Supervised linear transfer learning based on labelled Gaussian mixture models and expectation maximization in scikitlearncompatible form.
Project description
Linear Supervised Transfer Learning
Copyright (C) 2019  Benjamin Paassen
Machine Learning Research Group
Center of Excellence Cognitive Interaction Technology (CITEC)
Bielefeld University
This program is free software; you can redistribute it and/or modify it under the terms of the GNU General Public License as published by the Free Software Foundation; either version 3 of the License, or (at your option) any later version.
This program is distributed in the hope that it will be useful, but WITHOUT ANY WARRANTY; without even the implied warranty of MERCHANTABILITY or FITNESS FOR A PARTICULAR PURPOSE. See the GNU General Public License for more details.
You should have received a copy of the GNU General Public License along with this program; if not, see http://www.gnu.org/licenses/.
Introduction
This Python3 library provides several algorithms to learn a linear mapping from
an $m
$dimensional source space to an $n
$dimensional target space, such that
a classification model trained in the source space becomes applicable in the
target space. The source space model is assumed to be a labelled mixture of
Gaussians. Note that this library assumes that the relation between the source
and target space is (approximately) linear and will necessarily fail if the
relationship is highly nonlinear. Further note that this library requires a
few labelled target space data points to work (typically, even ~10 data points
are enough). However, not all classes are required, since the learned linear
transformation generalizes across classes.
If you intend to use this library in academic work, please cite our paper.
Installation
This package is available on pypi
as em_transfer_learning
. You can install
it via
pip install user em_transfer_learning
QuickStart Guide
For a quick start we recommend to take a look at the demo in the notebook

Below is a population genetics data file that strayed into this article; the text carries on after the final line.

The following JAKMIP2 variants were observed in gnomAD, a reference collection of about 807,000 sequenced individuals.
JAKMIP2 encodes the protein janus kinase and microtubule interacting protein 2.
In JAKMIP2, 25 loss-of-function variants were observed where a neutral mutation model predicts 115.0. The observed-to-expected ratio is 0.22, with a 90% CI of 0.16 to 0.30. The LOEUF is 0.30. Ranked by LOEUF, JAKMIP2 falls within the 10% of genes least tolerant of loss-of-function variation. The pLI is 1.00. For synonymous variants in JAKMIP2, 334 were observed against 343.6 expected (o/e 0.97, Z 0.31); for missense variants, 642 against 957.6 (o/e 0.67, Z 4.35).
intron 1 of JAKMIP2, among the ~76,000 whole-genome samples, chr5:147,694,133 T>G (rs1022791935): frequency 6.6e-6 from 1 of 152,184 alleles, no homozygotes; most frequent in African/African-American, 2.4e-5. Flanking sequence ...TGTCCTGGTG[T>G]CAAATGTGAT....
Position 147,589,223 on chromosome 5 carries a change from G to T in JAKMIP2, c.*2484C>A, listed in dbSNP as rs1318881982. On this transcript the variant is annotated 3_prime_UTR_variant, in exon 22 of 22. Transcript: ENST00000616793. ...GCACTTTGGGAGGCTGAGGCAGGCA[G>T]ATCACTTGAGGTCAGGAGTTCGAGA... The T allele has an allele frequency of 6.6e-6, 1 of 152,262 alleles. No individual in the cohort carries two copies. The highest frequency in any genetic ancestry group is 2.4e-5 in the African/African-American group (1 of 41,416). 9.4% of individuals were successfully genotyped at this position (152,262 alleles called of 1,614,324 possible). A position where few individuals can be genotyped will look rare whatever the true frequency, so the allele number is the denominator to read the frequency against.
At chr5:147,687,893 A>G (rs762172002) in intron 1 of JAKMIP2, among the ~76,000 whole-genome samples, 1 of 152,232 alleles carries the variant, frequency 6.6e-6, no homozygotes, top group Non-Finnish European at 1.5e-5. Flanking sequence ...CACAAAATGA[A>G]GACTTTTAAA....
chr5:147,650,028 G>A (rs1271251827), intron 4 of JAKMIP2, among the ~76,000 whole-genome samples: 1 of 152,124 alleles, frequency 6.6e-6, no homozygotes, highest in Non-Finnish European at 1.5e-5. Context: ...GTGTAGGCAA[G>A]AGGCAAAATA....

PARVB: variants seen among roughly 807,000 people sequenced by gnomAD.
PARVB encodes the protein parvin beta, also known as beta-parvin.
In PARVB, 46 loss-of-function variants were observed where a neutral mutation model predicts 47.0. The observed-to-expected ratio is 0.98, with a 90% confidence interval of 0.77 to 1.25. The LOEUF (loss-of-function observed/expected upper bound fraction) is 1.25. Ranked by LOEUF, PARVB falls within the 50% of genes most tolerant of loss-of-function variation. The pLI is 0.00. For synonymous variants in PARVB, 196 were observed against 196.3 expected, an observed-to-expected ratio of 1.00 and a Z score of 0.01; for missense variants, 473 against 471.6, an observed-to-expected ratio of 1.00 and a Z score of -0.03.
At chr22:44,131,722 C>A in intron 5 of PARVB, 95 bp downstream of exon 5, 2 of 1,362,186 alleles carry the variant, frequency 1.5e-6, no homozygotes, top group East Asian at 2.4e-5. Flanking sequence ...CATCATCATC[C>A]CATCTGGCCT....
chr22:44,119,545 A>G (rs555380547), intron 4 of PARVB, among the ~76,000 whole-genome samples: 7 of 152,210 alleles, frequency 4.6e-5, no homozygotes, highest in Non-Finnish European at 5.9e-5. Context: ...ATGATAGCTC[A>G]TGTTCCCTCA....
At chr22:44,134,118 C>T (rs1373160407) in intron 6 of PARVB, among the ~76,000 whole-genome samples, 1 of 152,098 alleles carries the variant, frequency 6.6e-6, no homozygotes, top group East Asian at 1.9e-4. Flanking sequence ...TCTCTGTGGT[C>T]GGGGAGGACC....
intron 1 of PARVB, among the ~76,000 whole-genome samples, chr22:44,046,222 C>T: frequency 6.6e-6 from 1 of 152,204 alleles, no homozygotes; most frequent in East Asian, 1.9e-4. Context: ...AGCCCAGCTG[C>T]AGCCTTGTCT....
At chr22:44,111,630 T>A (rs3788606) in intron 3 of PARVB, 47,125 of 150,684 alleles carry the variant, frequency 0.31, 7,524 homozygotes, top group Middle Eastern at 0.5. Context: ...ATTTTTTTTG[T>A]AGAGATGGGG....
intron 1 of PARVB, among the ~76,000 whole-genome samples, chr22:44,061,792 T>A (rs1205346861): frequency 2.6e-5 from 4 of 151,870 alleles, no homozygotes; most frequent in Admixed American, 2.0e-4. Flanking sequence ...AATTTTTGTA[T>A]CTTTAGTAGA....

demo.ipynb
. In this file we demonstrate how to perform transfer learning
on example data. For the actual transfer learning, we recommend to initialize
one of the following models, depending on your source space model:
em_transfer_learning.transfer_learning.LGMM_transfer_model
: If you have a full labelled Gaussian mixture model.em_transfer_learning.transfer_learning.SLGMM_transfer_model
: If you have a labelled Gaussian mixture model with shared precision matrices.em_transfer_learning.transfer_learning.Local_LVQ_transfer_model
: If you have a learning vector quantization model with individual metric learning matrices.em_transfer_learning.transfer_learning.LVQ_transfer_model
: If you have a learning vector quantization model with shared metric learning matrix or no metric learning at all.
Note that models 2 and 4 are much faster to train compared to models 1 and 3 (refer to the next section for more information on that).
All these models follow the scikitlearn convention, i.e. you need to call
the fit
function with target space data first and then the predict
function
to map new target space data to the source space according to the learned
mapping.
Background
The basic idea of our transfer learning approach is to maximize the likelihood
of target space data according to the source space data distribution after the
learned transfer function $h
$ has been applied. More precisely, assume we have
a data set $(\vec x_1, y_1), \ldots, (\vec x_m, y_m)
$ of target data points
$\vec x_j \in \mathbb{R}^n
$ and their labels $y_j \in \{1, \ldots, L\}
$.
Then, we wish to maximize the joint probability
\max_h \prod_{j=1}^m p\Big(h(\vec x_j), y_j\Big)
To make this optimization problem feasible, we introduce two assumptions:
First, that $p(x, y)
$ can be modelled by a labelled Gaussian mixture
model (lGMM) and, second, that $h
$ can be approximated by a linear function.
In more detail, that means the following.
Labelled Gaussian Mixture Models
A labelled Gaussian mixture model assumes that data is generated by a mixture
of $K
$ Gaussians, each of which has a prior $P(k)